A reflection on Luke 18:31 – 19:10 for March 21, 2021, 5th Sunday of Lent
In this triplet of scripture stories, we get the disciples misunderstanding Jesus’ fulfillment of prophecy (what’s new, right?) followed by a juxtaposition of two stories about two men on opposite ends of the societal spectrum, both seeking out Jesus for their own needs. In scriptures like these, I always love to do a compare-and-contrast and see what emerges from the particularities of each character.
So we have a blind beggar, a man who would have been an outcast in the societal system, and poverty stricken. He calls out to grab Jesus’ attention and begs to be healed. Jesus responds “your faith has healed you.” Then we meet Zacchaeus, wealthy and at the center of Roman culture, although not well respected. And we find him hiding in a tree, perhaps shadowed by his own shame. In this case, Jesus is the one who calls out and draws attention.
In both cases, the disciples/crowd is not happy with the interaction: in the first case, they try to silence the blind man and keep him from distracting Jesus and in the second, they judge Jesus harshly for hanging out with the “sinners.” In both cases, they don’t get it, which might be why they miss the prophecy all together.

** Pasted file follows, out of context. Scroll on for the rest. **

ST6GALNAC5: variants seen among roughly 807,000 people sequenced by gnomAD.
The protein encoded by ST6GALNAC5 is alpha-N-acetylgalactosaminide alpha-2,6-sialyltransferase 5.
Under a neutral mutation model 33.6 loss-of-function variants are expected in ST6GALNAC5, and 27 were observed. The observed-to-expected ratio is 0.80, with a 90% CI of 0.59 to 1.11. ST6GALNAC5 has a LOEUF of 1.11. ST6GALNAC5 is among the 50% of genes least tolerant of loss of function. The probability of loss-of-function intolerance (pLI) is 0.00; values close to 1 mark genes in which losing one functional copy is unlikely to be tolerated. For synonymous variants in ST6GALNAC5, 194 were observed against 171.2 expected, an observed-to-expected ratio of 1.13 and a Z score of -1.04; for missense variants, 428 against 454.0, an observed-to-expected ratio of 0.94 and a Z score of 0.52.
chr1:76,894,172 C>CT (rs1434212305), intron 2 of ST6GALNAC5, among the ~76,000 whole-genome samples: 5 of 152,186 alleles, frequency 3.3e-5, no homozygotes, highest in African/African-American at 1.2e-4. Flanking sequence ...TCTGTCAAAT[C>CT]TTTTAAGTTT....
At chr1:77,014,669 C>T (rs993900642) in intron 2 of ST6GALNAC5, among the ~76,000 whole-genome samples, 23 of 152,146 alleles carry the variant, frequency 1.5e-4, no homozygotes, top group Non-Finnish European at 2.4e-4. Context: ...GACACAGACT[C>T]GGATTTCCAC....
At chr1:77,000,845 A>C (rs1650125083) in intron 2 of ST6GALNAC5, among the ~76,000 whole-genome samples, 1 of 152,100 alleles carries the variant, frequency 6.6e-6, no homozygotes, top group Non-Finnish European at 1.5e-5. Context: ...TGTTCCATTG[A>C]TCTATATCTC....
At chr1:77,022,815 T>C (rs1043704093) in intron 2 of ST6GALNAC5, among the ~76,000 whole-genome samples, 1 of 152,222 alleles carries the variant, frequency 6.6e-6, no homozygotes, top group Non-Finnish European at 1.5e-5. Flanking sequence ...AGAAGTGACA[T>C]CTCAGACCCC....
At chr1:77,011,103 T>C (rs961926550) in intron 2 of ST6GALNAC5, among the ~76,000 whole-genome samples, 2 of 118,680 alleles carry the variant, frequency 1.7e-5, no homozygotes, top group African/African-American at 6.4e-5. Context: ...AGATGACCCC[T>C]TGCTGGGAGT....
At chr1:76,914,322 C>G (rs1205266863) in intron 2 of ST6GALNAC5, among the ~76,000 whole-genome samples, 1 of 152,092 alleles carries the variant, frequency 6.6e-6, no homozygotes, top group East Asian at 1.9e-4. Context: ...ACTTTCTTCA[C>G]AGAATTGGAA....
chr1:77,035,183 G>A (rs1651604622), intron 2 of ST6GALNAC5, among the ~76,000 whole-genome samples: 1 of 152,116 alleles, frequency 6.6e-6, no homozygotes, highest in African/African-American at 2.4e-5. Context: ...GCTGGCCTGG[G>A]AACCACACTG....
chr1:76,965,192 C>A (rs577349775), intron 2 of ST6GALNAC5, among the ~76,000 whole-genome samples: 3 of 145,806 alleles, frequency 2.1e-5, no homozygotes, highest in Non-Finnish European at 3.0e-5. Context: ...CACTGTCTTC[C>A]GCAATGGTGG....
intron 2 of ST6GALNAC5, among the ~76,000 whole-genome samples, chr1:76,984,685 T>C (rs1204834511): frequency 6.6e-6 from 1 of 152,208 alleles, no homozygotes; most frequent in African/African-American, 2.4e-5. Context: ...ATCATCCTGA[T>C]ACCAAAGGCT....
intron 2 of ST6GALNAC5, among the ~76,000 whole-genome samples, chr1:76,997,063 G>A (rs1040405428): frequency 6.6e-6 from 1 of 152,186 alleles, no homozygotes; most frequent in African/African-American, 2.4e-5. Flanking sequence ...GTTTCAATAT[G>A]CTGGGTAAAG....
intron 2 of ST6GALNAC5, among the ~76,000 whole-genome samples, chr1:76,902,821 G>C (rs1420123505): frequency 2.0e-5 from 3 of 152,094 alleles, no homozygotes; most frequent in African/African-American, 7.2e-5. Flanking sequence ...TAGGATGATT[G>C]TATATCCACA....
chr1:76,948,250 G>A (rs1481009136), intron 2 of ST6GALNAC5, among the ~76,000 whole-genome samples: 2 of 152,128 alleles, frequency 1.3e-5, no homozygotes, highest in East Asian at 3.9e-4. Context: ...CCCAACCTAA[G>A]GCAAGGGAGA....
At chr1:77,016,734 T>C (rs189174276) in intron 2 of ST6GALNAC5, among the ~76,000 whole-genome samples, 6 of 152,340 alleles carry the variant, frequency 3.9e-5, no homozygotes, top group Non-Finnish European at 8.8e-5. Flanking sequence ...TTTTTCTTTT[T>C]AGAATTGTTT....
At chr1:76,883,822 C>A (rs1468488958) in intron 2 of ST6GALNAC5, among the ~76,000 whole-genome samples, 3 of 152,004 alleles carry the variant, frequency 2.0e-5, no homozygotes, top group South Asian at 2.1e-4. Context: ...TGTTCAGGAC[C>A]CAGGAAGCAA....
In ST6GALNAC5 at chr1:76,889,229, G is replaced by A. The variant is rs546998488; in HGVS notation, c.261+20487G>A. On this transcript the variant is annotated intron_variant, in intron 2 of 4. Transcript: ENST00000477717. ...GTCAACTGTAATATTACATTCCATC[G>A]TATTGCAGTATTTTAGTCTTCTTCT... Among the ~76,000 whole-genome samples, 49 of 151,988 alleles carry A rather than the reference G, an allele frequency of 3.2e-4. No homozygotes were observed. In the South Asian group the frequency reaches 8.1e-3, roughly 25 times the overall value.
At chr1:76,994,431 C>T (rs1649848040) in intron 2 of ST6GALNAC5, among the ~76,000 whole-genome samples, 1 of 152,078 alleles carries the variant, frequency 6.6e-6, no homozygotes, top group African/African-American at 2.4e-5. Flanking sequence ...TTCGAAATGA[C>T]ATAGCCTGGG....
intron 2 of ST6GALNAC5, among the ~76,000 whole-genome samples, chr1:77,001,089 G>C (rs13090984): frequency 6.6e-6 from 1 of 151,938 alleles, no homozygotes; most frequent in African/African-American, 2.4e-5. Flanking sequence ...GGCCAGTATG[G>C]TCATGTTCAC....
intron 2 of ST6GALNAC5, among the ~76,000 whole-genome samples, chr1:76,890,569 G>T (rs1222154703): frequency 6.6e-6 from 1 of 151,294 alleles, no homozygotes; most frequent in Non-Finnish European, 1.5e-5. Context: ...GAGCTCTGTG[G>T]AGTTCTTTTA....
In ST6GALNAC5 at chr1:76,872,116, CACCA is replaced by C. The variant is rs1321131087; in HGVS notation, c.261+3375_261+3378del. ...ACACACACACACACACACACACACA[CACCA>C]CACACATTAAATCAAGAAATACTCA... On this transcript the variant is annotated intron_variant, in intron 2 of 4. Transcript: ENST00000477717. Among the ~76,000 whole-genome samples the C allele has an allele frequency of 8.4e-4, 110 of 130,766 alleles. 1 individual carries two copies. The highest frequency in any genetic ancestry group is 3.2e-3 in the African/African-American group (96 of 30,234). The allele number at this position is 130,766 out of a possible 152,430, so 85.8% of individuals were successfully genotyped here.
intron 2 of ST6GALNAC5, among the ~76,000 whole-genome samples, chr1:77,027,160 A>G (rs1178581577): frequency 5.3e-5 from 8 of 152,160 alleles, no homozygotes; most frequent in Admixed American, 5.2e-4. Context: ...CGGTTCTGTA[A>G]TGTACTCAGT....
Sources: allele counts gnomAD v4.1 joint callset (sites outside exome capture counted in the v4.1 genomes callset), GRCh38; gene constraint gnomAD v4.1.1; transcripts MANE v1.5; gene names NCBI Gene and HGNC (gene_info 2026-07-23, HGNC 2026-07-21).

In these compare/contrast situations, I love to ask congregations the questions: where do you find yourself in these verses? Are you crying out for Jesus to heal you? Are you hiding in the tree? Are you in a phase in your life when you are seeking Jesus like the blind man, boldly and outspokenly, or are you seeking Jesus with a curious, but distanced gaze. And maybe most importantly, what is in your faith that can heal you? And once healed, how will you respond?
I also might consider exploring a midrash re-write of these scriptures, imagining two men as the two extremes of our world – and juxtapose the poor of the world crying out to be healed in contrast to the wealthy aloof, curious but disengaged. When we imagine this story as mid-rash in this way, it would be interesting to flush out that there are parts of our society that (like the disciples) think that there is no time for the poor outcasts among us, while others of us (like the crowd) demonize the rich and believe they are beyond God’s grace. Jesus, however, gives time, energy, healing, and grace to both. Is the tension of this unsettling?
As we work our way towards Easter and the resurrection, these scriptures can lead us to imagining healing and grace for those on the margins and those stuck up in trees. And whether you contrast the stories or mid-rash them out you will land on one final theme: that no matter who we are or where we are, Jesus meets us there, and grace abounds.
Rev. Cathy M. Kolwey is a writer, artist, and pastor who has been working at the intersection of spirituality and the arts since 2001. She is currently serving as the Associate of Spiritual Formation at Colonial Church in Edina, MN. Cathy blogs at http://www.cmkolwey.com
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